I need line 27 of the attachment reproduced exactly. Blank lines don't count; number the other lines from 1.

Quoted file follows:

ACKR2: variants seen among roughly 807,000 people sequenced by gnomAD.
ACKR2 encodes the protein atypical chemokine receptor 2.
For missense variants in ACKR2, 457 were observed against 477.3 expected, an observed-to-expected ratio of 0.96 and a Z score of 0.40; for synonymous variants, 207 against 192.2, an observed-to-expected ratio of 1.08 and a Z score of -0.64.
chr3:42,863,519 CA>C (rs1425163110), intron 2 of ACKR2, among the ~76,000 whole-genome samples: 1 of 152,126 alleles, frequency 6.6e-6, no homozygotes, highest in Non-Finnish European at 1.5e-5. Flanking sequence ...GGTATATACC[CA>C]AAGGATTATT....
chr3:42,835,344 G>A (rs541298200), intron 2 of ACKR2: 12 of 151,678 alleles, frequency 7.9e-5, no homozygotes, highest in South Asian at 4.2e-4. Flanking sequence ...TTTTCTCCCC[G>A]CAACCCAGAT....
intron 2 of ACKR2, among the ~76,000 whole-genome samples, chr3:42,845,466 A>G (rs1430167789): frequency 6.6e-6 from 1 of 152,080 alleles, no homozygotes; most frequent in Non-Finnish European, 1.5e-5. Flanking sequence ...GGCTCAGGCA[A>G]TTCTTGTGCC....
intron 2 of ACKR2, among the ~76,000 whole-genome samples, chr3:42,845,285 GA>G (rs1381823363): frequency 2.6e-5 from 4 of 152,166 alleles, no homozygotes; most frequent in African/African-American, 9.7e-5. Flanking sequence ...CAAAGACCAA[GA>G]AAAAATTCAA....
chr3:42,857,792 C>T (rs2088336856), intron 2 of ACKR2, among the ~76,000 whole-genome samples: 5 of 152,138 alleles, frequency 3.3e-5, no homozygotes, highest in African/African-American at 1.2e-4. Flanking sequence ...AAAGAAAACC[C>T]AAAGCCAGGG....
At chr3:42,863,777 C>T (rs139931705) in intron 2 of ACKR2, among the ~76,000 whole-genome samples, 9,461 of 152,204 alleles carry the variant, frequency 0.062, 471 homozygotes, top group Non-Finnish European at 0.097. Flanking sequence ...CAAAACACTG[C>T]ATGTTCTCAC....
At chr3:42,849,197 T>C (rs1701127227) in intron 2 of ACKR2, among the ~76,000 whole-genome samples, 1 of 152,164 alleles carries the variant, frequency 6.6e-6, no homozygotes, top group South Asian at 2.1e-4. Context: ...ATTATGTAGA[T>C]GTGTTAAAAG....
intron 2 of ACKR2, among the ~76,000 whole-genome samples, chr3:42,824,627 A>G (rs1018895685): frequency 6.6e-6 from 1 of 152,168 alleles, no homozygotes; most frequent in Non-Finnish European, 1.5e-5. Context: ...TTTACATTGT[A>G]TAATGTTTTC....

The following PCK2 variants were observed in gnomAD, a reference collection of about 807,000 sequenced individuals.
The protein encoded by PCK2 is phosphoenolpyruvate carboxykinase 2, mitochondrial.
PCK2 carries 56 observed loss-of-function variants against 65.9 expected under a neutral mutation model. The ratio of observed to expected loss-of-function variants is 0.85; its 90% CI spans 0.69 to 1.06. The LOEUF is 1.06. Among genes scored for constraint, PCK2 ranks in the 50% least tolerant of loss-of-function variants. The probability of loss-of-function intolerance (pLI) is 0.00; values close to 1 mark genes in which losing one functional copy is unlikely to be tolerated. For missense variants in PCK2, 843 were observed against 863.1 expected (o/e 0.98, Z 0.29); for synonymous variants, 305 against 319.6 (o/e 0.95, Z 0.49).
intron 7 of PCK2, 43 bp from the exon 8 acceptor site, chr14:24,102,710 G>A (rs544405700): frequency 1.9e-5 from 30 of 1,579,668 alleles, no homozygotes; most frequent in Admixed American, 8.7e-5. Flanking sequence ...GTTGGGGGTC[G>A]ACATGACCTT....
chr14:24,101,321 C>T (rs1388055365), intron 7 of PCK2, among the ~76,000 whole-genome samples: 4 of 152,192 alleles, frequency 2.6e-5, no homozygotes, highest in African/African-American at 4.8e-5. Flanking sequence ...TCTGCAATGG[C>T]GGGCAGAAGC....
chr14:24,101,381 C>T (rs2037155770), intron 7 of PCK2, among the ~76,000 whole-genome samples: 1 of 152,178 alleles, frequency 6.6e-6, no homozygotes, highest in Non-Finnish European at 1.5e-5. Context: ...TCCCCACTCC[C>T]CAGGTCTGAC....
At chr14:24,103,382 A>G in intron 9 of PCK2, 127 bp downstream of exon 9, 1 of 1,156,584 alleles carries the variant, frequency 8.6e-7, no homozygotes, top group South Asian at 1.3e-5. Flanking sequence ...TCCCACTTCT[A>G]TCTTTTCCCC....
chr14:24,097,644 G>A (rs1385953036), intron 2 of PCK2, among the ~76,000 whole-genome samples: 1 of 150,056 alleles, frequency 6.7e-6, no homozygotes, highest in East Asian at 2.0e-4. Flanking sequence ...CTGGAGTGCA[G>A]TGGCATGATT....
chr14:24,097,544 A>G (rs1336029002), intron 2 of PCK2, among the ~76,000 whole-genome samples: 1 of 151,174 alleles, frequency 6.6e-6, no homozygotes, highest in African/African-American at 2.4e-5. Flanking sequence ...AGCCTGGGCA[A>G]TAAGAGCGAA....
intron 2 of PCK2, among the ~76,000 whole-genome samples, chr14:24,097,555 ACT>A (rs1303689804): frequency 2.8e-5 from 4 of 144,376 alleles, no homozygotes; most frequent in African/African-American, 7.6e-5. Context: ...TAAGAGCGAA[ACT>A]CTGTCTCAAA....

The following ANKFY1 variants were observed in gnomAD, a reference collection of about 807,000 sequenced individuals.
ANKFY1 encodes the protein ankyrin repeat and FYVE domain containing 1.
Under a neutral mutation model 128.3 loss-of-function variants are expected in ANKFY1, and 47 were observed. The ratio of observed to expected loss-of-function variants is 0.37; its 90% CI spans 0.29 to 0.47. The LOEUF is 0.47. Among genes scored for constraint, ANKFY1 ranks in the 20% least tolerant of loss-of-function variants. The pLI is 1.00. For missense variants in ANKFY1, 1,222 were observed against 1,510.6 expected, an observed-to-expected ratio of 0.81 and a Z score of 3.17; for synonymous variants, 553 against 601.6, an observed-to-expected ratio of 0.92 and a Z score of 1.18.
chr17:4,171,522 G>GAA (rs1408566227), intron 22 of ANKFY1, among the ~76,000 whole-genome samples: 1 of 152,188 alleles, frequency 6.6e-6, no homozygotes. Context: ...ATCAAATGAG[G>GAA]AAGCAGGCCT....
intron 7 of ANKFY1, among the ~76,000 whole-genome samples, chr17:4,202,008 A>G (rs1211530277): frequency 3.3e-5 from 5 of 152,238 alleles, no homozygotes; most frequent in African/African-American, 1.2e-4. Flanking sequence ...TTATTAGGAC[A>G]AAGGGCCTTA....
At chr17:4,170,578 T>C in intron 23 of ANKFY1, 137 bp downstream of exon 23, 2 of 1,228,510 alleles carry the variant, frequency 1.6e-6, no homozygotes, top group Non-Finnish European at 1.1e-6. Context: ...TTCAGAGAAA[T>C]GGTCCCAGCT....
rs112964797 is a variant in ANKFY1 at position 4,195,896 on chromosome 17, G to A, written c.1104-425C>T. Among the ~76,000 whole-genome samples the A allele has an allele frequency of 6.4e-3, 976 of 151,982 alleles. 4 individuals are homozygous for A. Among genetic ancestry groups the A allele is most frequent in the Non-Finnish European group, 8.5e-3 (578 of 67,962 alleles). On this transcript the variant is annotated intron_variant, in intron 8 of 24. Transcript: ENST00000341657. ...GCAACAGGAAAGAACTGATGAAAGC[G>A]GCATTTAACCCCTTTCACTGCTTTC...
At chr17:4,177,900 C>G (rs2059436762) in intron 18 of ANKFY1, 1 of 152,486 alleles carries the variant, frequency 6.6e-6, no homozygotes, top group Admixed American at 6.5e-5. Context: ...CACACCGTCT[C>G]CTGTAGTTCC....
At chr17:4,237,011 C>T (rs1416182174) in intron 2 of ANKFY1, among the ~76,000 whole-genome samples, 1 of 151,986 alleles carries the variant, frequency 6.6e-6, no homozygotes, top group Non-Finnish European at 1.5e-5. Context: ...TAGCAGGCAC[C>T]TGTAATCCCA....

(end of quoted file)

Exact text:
At chr17:4,170,578 T>C in intron 23 of ANKFY1, 137 bp downstream of exon 23, 2 of 1,228,510 alleles carry the variant, frequency 1.6e-6, no homozygotes, top group Non-Finnish European at 1.1e-6. Context: ...TTCAGAGAAA[T>C]GGTCCCAGCT....